Thankfully, in this case a conscientious judge stopped the fraud in its tracks, and now a Manhattan grand jury is examining the conduct of the individuals who so recklessly tried to abuse the system. That investigation will be worth keeping an eye on.
Be sure to visit Acton.org’s special section on tort reform, where you will find a wealth of resources dealing with the important legal, societal, and moral issues that arise from the abuse of tort law, including the most recent addition to Acton’s Christian Social Teaching series: Trial by Fury: Restoring the Common Good in Tort Litigation.
It’s hard to be a great power if your population is shriveling. Europe’s birthrates have dropped well below the replacement rate of 2.1 children for each woman of childbearing age. For Western Europe as a whole, the rate is 1.5. It’s 1.4 in Germany and 1.3 in Italy. In a century — if these rates continue — there won’t be many Germans in Germany or Italians in Italy. Even assuming some increase in birthrates and continued immigration, Western Europe’s population grows dramatically grayer, projects the U.S. Census Bureau. Now about one-sixth of the population is 65 and older. By 2030 that would be one-fourth, and by 2050 almost one-third.
No one knows how well modern economies will perform with so many elderly people, heavily dependent on government benefits (read: higher taxes). But Europe’s economy is already faltering. In the 1970s annual growth for the 12 countries now using the euro averaged almost 3 percent; from 2001 to 2004 the annual average was 1.2 percent. In 1974 those countries had unemployment of 2.4 percent; in 2004 the rate was 8.9 percent.
Bernie Ebbers got 25 years in the cooler for his role in the demise of WorldCom. If he serves the full sentence, he’ll be 85 years old when they let him out. Here’s how AP described his reaction when the verdict came down:
Ebbers sniffled audibly and dabbed at his eyes with a white tissue as he was sentenced. He did not address the court. His wife, Kristie Ebbers, cried quietly. Later, the two embraced as the courtroom emptied.
Now, set that picture against these remarks:
At the sentencing hearing, Henry J. Bruen Jr., 37, a former WorldCom salesman, told the court the company’s collapse caused “untold human carnage” and put him through “sheer hell.” He lost all of his savings and couldn’t get another sales job.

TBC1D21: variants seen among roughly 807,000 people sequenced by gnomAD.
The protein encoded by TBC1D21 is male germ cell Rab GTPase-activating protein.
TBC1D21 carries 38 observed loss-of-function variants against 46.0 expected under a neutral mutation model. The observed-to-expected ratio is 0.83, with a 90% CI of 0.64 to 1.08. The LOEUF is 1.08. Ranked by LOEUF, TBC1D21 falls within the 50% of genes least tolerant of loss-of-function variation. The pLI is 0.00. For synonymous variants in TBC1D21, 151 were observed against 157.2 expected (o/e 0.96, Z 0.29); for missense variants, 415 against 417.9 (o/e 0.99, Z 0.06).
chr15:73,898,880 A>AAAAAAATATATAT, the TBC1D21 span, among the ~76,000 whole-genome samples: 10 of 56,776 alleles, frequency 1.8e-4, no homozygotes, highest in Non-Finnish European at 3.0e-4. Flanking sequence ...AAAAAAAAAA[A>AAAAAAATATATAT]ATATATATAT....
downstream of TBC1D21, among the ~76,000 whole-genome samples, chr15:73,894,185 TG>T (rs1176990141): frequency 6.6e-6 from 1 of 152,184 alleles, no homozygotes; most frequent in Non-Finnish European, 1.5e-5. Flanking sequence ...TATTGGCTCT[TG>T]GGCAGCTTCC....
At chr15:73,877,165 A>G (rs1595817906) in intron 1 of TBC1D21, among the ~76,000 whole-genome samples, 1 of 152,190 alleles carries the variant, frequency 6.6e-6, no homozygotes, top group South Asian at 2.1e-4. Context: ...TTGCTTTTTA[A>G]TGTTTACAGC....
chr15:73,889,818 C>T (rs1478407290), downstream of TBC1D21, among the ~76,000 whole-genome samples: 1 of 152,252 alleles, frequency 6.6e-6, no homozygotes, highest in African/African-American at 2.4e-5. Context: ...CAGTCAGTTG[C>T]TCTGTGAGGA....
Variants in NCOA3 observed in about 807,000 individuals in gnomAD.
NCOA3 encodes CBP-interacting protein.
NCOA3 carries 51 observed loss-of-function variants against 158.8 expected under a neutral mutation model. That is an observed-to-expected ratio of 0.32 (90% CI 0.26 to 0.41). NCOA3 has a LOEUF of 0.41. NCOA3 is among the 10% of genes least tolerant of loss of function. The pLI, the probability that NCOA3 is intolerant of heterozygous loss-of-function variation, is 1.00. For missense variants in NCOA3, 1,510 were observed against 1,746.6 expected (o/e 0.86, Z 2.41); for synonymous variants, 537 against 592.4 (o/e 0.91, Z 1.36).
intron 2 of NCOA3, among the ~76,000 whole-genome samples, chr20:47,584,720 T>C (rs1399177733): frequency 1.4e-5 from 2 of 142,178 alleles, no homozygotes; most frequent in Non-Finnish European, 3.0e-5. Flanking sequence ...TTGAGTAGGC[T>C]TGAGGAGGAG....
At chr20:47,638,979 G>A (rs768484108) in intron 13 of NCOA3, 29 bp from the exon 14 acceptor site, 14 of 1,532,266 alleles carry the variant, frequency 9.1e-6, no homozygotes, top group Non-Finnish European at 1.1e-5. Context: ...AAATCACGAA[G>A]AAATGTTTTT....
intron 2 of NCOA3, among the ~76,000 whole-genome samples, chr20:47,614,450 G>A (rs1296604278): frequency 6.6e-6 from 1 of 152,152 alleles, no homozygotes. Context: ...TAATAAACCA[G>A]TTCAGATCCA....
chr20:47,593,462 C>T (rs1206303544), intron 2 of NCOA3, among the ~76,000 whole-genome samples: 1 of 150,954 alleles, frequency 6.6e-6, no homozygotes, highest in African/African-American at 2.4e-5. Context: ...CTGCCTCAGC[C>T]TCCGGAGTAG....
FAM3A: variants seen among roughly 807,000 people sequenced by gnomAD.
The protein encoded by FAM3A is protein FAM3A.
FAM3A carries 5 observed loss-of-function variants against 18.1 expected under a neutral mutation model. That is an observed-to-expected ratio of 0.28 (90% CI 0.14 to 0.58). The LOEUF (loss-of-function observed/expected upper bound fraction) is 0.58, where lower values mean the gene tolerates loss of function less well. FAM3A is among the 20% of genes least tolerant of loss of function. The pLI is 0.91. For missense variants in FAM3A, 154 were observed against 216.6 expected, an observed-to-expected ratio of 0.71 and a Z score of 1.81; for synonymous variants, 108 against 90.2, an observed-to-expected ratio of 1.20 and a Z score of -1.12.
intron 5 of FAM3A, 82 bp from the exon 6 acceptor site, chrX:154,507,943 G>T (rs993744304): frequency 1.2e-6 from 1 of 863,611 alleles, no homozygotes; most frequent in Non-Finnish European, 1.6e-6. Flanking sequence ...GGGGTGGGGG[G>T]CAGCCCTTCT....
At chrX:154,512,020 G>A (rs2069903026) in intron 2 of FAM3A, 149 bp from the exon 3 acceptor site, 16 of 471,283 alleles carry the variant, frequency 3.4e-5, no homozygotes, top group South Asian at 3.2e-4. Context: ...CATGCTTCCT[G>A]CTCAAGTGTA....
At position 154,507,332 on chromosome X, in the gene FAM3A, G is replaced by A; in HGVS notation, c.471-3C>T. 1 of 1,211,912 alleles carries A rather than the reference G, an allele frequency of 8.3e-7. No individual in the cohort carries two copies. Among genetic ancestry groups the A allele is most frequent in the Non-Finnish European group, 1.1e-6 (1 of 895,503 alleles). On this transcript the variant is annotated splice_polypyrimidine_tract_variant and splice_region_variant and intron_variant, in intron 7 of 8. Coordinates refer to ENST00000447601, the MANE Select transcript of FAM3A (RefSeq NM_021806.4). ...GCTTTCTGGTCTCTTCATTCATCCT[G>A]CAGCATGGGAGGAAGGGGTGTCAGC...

There are many thousands more who have been severely battered by the WorldCom collapse. Ebbers also had to cough up nearly $40 million of his own fortune as partial restitution for investors and employees whose retirement accounts were wiped out by the $11 billion accounting fraud. No doubt, many tears were shed by these unfortunates, too. Recently, The New York Times offered this summary of what Mr. and Mrs. Ebbers had to give up:
The assets that Mr. Ebbers has promised to turn over include $5 million in cash, 300,000 acres of timberlands in Mississippi, a prospective multimillion-dollar income tax refund, and interests in a major trucking business, a marina, a golf course, a rice farm, a hotel, a grain elevator company and other real estate ventures. He and his wife will also be required to vacate their multimillion-dollar home in Clinton, Miss., by October; it will be put up for sale. In addition, Mr. Ebbers has agreed to pay $450,000 to former WorldCom employees who sued him over losses they incurred in their retirement accounts.
So what’s the cure for this, and other corporate wrongdoings? Rev. Robert Sirico points to the solution in “The Ethical Challenge for Business,” a commentary written in 2002, that scandal plagued year:
If we are to learn anything from the ethical lapses of business this year, it should be that the Judeo-Christian moral code needs to be retrieved, not reformulated, much less wholesale politicization. Old truths need to be spoken into new contexts, remembering that the basic principles of right and wrong are discovered, not invented. Nor do they change based on circumstance or popularity. If this lesson is not learned from the corporate scandals, we cannot expect the moral standing of business, that activity that most people spend much of their time occupied with, to achieve a level worthy of human beings and a civilized culture.